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Using 3D printing to make PPE — Medically Necessary

How new tech stepped up during the time of need

 A network of small businesses, universities and enthusiasts used 3D printers to make millions of pieces of personal protective equipment last year. That helped mitigate supply shortages in some cases, but it’s not clear how useful the technology will be for the next pandemic. 

On this episode of Medically Necessary, Matt Blois looks at how those printers fit into the supply chains of the future. He welcomes Georgette Nelson, program manager at America Makes, an organization that promotes the use of 3D printing to solve problems in a number of industries.

The two discuss the just-released FDA report conducted by America Makes detailing the role that 3D printing played during the COVID-19 response. The report found that 3D printing had an impact, but there were some hurdles. The technology is too slow for large-scale manufacturing. Many health care providers were reluctant to use PPE that didn’t have full FDA clearance. Will that be the case the next time a health care disaster strikes?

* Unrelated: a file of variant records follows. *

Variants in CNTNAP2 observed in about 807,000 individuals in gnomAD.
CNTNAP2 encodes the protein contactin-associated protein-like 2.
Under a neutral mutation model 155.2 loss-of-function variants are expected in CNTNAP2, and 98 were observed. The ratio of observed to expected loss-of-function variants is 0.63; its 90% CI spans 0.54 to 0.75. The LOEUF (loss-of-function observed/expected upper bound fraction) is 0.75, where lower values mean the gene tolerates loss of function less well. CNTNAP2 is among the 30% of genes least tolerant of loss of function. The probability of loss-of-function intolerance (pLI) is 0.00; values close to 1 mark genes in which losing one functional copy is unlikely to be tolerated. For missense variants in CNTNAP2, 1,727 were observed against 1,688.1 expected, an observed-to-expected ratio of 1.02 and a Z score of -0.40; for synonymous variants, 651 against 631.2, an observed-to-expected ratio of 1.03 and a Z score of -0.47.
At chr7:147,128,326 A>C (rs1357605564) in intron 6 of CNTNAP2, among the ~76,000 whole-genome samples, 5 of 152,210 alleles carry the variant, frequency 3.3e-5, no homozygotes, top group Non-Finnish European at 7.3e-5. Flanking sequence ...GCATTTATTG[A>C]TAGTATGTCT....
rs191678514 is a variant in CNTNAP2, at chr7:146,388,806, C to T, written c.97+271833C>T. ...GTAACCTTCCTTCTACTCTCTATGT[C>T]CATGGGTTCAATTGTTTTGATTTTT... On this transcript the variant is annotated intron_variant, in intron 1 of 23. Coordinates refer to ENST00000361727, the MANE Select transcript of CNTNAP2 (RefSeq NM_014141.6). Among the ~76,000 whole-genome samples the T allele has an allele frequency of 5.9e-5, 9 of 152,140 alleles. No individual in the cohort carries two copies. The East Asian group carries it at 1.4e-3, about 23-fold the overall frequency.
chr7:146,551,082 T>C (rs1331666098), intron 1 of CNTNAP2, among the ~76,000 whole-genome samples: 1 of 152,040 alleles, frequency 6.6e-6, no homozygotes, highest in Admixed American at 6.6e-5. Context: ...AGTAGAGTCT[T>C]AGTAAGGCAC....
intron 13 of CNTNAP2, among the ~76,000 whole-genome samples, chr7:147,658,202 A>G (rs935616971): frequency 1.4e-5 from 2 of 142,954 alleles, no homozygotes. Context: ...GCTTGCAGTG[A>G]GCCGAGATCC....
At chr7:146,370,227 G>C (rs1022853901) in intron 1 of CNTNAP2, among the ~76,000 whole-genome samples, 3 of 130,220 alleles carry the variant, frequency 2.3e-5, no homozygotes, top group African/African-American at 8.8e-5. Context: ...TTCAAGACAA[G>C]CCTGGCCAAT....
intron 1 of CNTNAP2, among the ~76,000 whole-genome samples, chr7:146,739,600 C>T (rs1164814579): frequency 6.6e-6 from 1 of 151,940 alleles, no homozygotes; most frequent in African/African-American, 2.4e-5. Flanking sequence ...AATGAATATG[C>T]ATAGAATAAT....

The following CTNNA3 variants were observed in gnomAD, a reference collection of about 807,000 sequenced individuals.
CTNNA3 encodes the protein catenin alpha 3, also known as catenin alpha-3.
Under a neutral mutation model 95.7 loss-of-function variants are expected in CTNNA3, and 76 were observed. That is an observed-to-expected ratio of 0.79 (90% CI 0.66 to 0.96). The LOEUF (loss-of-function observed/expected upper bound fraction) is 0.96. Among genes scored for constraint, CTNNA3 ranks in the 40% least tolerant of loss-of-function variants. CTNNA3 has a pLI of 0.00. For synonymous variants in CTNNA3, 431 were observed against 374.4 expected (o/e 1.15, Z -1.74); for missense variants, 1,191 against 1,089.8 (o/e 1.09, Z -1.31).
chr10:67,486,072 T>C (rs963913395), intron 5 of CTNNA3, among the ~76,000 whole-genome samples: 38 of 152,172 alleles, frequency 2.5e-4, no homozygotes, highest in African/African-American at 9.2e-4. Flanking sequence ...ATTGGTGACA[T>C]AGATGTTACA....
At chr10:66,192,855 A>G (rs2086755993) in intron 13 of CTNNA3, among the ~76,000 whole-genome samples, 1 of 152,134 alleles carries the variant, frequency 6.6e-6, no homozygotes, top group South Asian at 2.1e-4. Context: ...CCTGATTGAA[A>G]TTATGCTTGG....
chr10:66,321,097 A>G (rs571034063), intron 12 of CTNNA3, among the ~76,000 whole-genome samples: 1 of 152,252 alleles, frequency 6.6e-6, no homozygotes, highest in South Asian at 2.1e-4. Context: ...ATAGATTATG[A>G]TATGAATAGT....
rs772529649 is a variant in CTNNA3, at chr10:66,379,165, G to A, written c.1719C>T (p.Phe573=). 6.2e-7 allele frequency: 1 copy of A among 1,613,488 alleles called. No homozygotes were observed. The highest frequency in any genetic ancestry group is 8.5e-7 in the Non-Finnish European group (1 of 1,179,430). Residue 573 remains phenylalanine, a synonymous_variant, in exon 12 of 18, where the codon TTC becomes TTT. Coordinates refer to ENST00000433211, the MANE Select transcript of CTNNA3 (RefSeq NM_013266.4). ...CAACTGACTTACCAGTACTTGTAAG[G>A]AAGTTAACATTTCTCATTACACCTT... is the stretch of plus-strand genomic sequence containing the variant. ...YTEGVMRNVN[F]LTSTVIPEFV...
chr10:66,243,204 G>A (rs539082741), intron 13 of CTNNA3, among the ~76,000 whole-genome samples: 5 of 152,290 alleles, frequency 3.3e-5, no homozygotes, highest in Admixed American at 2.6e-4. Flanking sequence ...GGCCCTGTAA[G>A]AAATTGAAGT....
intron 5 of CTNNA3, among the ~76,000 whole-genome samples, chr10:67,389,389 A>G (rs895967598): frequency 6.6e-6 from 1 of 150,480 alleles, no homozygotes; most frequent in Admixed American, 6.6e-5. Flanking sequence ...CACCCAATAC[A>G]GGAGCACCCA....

You can find more Medically Necessary episodes and recaps for all our live podcasts here.

Kaylee Nix

Kaylee Nix is a meteorologist and reporter for FreightWaves. She joined the company in November of 2020 after spending two years as a broadcast meteorologist for a local television channel in Chattanooga, Tennessee. Kaylee graduated from the University of Oklahoma in 2018 and immediately made the Tennessee Valley her home. Kaylee creates written summaries of FreightWaves live podcasts and cultivates the social media for FreightWaves TV.